Subsidence can be a very serious issue for property owners and one you will want to ensure you are protected from, by both minimising risks and ensuring the correct protection is part of your buildings insurance. There are some tell-tale signs that your property could be affected by subsidence, which are worth knowing. Also, depending on your area your property could be at higher risk than others, which could affect the excess you need to pay if claiming on your insurance policy.
What is subsidence?
Subsidence is when the ground that your house sits on, starts to sink, causing the foundations to also move. It is best tackled with prevention methods, where possible.
Subsidence often occurs on clay soil, which expands and contracts easily, depending on the amount of moisture. During winter months the ground soaks up excess moisture from increased rainfall, which then drys out in summer months.
During periods where weather conditions are unusually dry, clay soil can suffer as it doesn’t get the chance to recover. This is where issues can arise.
Water leaks from below the ground surface can also cause subsidence problems, as it weakens the soil and affects the property foundations.
Beware of the trees!
When rainfall reduces, trees nearby reach out their roots in search of water. To this extent, they can suck up all the moisture reserves in the ground for quite a depth and radius.
Trees and shrubs can be key culprits for subsidence issues, with oak, ash, plane, sycamore, willow and poplar being a few of the worst.
How to spot subsidence
When houses are built there is usually an element of “settling in”.
Sometimes cracks appear in walls where brickwork moves around, but this is normal. These cracks typically appear and then remain the same for years. Subsidence usually causes cracks too, although they are distinctive.
They are typically visible both inside and outside the property and one end of the crack may be wider than the other end.
Doors and windows may also stick on opening due to the structure of the property not being aligned.
If a crack suddenly appears and worsens quite quickly, this could be a tell-tale sign that you have a subsidence problem.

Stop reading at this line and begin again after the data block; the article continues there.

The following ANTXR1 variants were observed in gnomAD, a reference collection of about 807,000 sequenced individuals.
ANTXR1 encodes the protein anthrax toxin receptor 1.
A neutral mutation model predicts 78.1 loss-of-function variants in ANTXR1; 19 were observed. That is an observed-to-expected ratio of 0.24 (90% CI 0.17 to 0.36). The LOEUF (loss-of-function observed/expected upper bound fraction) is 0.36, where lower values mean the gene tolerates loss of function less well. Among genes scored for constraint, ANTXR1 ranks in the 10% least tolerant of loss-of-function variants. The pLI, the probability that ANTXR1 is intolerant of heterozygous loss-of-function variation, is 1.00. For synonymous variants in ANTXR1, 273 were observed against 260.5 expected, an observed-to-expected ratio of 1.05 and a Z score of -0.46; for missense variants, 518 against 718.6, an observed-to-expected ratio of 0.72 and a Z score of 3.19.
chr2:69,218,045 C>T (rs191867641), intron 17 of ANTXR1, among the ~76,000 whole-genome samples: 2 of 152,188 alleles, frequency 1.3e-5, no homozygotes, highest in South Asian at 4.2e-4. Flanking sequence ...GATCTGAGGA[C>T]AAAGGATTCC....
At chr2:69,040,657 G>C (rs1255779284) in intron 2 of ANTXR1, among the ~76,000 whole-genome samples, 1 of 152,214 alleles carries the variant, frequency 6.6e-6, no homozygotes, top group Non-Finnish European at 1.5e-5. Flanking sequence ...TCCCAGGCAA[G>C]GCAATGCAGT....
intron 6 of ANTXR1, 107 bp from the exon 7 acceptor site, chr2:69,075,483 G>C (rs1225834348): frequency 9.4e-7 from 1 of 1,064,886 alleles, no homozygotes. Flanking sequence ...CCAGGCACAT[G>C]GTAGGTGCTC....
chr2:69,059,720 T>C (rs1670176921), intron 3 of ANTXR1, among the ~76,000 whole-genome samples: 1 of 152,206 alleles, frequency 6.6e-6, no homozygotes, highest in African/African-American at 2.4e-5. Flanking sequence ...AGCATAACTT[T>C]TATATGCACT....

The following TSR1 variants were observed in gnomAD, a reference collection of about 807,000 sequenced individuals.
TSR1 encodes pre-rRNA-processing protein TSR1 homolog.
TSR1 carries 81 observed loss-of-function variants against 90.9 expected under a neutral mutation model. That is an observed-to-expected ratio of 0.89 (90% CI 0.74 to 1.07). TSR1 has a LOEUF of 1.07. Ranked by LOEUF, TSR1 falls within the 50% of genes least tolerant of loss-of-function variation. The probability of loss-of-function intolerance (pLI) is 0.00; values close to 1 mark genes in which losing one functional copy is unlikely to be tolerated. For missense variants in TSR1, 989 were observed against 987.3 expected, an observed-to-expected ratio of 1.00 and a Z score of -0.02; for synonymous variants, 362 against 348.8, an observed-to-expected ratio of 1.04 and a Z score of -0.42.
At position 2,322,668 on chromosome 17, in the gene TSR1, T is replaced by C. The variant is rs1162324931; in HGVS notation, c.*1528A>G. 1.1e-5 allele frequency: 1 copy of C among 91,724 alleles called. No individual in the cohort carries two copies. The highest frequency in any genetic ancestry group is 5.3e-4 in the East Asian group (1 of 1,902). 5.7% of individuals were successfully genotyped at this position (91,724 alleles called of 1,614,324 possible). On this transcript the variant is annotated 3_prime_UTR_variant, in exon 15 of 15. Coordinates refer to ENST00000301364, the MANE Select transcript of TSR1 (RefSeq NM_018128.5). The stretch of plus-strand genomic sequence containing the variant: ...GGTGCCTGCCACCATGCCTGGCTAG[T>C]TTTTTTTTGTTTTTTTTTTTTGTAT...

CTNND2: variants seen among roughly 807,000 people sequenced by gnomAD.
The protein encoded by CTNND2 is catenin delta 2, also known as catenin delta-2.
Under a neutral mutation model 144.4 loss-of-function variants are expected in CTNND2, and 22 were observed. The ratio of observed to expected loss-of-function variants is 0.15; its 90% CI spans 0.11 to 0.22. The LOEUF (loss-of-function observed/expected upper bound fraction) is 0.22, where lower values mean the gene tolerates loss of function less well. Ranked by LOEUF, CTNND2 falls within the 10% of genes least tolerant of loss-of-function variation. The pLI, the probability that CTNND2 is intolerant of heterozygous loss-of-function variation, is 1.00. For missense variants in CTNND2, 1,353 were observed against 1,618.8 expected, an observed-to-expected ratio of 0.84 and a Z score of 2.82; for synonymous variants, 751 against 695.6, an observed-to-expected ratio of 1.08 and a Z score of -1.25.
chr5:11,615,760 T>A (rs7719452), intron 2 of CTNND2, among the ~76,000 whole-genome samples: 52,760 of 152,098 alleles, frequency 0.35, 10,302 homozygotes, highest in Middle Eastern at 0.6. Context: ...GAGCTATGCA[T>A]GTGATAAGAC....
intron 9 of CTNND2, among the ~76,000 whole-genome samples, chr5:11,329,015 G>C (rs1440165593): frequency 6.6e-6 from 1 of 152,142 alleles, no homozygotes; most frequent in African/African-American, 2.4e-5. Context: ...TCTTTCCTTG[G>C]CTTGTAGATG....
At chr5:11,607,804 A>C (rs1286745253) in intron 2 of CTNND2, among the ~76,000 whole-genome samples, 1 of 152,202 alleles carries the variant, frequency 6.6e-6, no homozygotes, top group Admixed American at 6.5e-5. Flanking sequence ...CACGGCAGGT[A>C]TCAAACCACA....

Reducing the risk of subsidence
As with most things, there are ways to reduce the risk of subsidence.
Before buying the property, you can find out if the area is prone to subsidence. Certain soil types will be more likely to cause issues that others.
Because trees are often a cause for concern, ensure you plant any a good distance away from the building. If there are already trees there, it is wise to find out if they were planted before or after the house was built. Those planted after, could be removed and replanted at a safer distance. Those planted before, will need to be managed carefully and may require the help of a tree expert.
Also, some trees are preserved so authorisation is required before you are able to remove them.
All in all, it is best to not go digging things up yourself as you could even find yourself in a worse situation!
Neighbours tress can also be an issue, so be sure to approach them too if you foresee a future problem.
Make sure your insurance covers subsidence
Buildings insurance typically covers subsidence issues. If you notice anything unusual it is important to contact your insurer, or broker, immediately.
A structural engineer is usually sent to the property for an assessment. Repairs may need to be carried out, in the worst case scenario the property may need to be underpinned, but this is rare.
Insurance should cover alternative accommodation whilst any maintenance is being carried out.
On application for buildings insurance, you may be questioned about the types of trees close to your house, and their distance away.
Also, if you do make a claim for subsidence then your excess could be higher than usual and your premium may increase upon renewal.
Working with an insurance broker can ensure you are suitably covered for all eventualities.